Condo owners demand answers on golf course operation, finance
By Gerald Rogovin
Back in early October, readers of CapeCodToday.com learned of what was described as "a boiling controversy" among residents of the Kings Way condominium community on Route 6A in Yarmouth Port.
The boiling point is rising. The controversy has expanded, and threatens to divide the 400-plus homeowners.
A lengthy, noisy meeting
Two weeks ago, the largest turnout ever -- more than 200 residents -- attended the Kings Way annual meeting. The lengthy, noisy meeting was filled with demands from the audience to know what is happening. These meetings are always scheduled in December, when about 60 percent of homeowners are off-Cape, in warmer climes.
Petitions seeking documentation of the operating costs of Kings Way's 18-hole, par-60 golf course were signed in November by almost 49 percent of homeowners, excluding Heatherwood, the congregant living facility on the 200-acre grounds.
For years, the golf course's directors refused to disclose such specifics to homeowners. Yet, according to the Declaration of Trust of the Kings Way Trust, that information must be provided. Every purchaser of a condominium in the community receives a copy of the Declaration.
Residents petition to inspect records
Section 10 (Miscellaneous Provisions) of the Declaration states, "Books, accounts and records of the Trustees shall be open to inspection to any one or more of the Trustees and the resident Unit Owners...at all reasonable times."
In the opinion of many owners, that requires the Kings Way Trust to reveal what golf course professionals, grounds managers and other employees are being paid, and what it costs each year to operate the course.
The question prompted the petition when the Kings Way Trust imposed a $79-per-month tax on non-golfing homeowners beginning in January, to bail golf course members from a financial deficit. In 2009, the monthly per unit tax was $30.
A $72,000 deficit was sustained in 2008, according to several golf course members, who did not want to be identified.
The petition, written by a group of 14 homeowners, questioned the fairness of taxing non-golfing homeowners to support golf memberships of 200 people, half of whom do not live in Kings Way.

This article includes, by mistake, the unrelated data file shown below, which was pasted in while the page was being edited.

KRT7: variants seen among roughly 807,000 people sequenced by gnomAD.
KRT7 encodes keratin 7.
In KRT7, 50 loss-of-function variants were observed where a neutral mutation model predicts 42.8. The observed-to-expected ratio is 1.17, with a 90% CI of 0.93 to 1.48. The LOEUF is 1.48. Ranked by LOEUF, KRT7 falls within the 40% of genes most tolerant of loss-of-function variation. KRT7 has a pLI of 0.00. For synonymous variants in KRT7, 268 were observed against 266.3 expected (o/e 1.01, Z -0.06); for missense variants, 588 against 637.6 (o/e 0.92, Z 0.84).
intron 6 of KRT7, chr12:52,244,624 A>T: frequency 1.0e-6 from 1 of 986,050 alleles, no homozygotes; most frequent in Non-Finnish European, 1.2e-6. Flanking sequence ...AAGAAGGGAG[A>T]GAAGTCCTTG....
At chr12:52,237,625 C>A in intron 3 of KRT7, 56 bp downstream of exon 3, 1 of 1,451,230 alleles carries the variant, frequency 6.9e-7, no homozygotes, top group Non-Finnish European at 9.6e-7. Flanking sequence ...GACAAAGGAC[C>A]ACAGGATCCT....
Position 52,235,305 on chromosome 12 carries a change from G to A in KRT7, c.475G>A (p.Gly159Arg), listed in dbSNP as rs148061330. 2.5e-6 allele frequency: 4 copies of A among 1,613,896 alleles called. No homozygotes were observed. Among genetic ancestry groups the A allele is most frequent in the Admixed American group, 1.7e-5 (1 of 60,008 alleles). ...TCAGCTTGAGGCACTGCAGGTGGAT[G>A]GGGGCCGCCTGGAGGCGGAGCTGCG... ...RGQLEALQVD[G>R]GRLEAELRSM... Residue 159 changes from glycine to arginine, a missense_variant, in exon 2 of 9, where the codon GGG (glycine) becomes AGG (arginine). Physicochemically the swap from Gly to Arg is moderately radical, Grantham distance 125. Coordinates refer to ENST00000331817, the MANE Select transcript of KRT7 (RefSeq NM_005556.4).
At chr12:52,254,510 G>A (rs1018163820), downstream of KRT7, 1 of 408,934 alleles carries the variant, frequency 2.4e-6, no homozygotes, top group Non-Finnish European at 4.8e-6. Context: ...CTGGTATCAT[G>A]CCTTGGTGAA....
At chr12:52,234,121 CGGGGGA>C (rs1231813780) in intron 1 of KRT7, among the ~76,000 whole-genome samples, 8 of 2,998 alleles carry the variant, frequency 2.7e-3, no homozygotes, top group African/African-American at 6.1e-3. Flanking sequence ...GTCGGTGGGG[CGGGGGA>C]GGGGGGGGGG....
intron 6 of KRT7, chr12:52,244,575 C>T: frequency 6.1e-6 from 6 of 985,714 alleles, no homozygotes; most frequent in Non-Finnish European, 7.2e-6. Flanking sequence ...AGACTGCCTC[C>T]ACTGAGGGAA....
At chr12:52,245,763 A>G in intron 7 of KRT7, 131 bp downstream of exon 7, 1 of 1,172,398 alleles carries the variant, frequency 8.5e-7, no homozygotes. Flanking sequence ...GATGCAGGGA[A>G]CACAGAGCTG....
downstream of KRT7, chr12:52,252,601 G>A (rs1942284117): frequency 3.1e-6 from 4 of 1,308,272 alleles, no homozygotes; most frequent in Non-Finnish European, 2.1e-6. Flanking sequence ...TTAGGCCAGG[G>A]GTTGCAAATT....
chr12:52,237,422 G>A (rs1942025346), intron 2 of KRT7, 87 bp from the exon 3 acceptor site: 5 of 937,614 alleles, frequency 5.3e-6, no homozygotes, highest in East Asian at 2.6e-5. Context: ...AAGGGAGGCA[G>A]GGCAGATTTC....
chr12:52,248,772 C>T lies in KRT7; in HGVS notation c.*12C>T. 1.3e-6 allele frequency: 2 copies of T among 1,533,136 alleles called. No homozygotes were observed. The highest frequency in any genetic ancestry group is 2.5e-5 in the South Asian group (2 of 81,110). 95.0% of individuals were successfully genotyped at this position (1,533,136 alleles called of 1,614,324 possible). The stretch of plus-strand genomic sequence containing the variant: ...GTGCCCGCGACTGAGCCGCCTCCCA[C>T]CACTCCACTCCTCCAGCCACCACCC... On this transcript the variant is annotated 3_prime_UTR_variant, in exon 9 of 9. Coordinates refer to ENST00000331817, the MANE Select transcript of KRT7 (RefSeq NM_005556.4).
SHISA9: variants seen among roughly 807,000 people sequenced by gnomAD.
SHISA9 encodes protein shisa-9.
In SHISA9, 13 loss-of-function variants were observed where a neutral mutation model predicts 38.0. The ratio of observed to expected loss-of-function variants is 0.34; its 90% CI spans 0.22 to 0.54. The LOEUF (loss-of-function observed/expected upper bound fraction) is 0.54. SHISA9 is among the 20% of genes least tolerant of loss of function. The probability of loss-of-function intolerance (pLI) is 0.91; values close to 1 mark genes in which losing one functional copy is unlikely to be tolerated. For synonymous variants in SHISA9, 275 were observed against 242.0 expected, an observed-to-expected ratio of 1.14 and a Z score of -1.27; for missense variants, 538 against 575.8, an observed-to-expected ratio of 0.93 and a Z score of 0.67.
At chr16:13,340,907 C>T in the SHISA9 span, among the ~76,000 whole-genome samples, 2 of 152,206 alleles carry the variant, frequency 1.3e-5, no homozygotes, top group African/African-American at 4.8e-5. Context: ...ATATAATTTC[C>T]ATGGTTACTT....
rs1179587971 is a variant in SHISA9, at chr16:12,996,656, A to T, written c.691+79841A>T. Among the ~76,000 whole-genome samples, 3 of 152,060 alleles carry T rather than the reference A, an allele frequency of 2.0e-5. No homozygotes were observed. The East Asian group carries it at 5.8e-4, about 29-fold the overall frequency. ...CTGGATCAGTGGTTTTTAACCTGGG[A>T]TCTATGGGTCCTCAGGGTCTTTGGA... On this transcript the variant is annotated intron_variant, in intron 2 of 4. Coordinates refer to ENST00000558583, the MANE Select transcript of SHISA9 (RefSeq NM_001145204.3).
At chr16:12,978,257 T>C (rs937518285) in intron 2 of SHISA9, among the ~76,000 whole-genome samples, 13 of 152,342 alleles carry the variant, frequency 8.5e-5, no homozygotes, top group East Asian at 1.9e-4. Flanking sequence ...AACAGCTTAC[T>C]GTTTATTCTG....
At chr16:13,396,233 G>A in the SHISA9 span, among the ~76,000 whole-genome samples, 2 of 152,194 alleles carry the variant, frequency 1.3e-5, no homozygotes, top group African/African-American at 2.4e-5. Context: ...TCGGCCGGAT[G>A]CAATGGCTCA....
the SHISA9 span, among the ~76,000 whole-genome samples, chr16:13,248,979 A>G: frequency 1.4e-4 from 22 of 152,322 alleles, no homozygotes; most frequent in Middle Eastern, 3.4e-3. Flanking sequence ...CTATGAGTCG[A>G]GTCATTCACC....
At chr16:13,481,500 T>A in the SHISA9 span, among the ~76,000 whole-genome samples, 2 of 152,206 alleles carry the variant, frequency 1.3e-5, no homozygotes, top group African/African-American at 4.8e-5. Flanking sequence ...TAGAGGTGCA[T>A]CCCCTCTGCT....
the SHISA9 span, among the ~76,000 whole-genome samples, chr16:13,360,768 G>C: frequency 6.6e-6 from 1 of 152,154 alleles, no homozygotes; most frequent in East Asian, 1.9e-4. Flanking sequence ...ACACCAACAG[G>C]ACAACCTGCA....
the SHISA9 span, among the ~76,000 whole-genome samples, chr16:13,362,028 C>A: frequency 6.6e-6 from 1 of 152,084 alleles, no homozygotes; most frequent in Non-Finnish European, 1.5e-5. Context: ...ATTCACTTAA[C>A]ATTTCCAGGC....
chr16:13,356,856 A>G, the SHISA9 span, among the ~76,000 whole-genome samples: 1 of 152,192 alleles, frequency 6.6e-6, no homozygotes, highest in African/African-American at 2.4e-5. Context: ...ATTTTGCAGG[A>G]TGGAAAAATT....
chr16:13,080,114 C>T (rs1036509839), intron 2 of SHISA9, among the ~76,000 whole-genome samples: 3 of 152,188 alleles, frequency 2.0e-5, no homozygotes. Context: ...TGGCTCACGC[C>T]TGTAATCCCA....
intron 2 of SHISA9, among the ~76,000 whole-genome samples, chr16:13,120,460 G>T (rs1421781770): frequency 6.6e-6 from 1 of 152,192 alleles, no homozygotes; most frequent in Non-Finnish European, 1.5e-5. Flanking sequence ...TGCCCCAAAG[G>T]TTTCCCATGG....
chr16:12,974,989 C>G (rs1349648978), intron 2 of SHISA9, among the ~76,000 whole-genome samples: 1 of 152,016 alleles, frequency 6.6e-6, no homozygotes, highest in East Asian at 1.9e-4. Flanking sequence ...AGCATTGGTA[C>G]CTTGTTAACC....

Public vs. private and an appeal
Controversy was not the only reason for the high attendance at the annual meeting. A second cause was an appeal filed in Barnstable Superior Court to a decision by Yarmouth's Zoning Board of Appeals.
A unanimous vote by the board allowed the Kings Way golf course to welcome 8,000 rounds of public play in 2010 as a way to reduce its operating deficit. The appeal, filed by
Davenport Realty Trust and DeWitt P. Davenport, Trustee, contended that a special permit from the town issued for public play when Kings Way and the golf course were being built had expired.
Repeated extensions granted by the appeals board of a variance to permit public play expired in 2000, according to Davenport. It also operates a par-60 golf course, the Blue Rock Golf Resort, in South Yarmouth.
ZBA exceeded authority according to Davenport
Davenport seeks unspecified financial relief and annulment of the appeals board decision, arguing that the board exceeded its authority.
Sharon Donegan, chairperson of the Kings Way Trust, argued before the appeals board on November 12 that the Kings Way golf course needs public play to survive. Should the course fail, she said, the loss in value of Kings Way properties and the erosion of Yarmouth's tax base would hurt all town residents.
The Trust assumed management of the golf course in early November when it became apparent that its directors could not solve its financial problems. She suggested to the appeals board that a "deconstructed" golf course would not be as aesthetically pleasing as the existing one.
The subject of public play at Kings Way involved the issuance of special permits going back to 1975, when the town granted a variance that was limited to the community's construction period. Several extensions were granted, in 1984, 1988 and 1996. Based on its
assumption that the golf course would be self-supporting when all the condominiums were
completed, the appeals board extended permission in 1999 for three years.
Davenport's suit contends that the town bylaws prohibited dwelling units with accessory
golf courses under special permit north of Route 6 after December 31, 2000, when the
variance allowing public play expired.
9 and dine no more
Members discontinued several successful programs allowing public play when they decided the golf course should be private a few years ago. One, the popular "9 and Dine", permitted golfers outside Kings Way to play nine holes, and eat at the Kings Way restaurant for a special price.
Golf course members promoted "9 and Dine" to Kings Way homeowners as an income producer and a way to attract the interest of outsiders in buying condominiums.
The petition group promised at the December 8 Kings Way Trust annual meeting that it would continue as a "watchdog" to monitor the community's governing body. That promise
came after one resident made a passionate appeal for "relief of these excessive charges."
Kings Way is governed by two trusts. A second one oversees the community's open space, of which the golf course is a part. Its interim chairman, Harold Cohen, told the annual meeting that the trustees had erred when they exempted Heatherwood residents from the same special assessments imposed on homeowners to support the golf course.
It was done under the threat of a lawsuit, he recalled. That mistake should be corrected,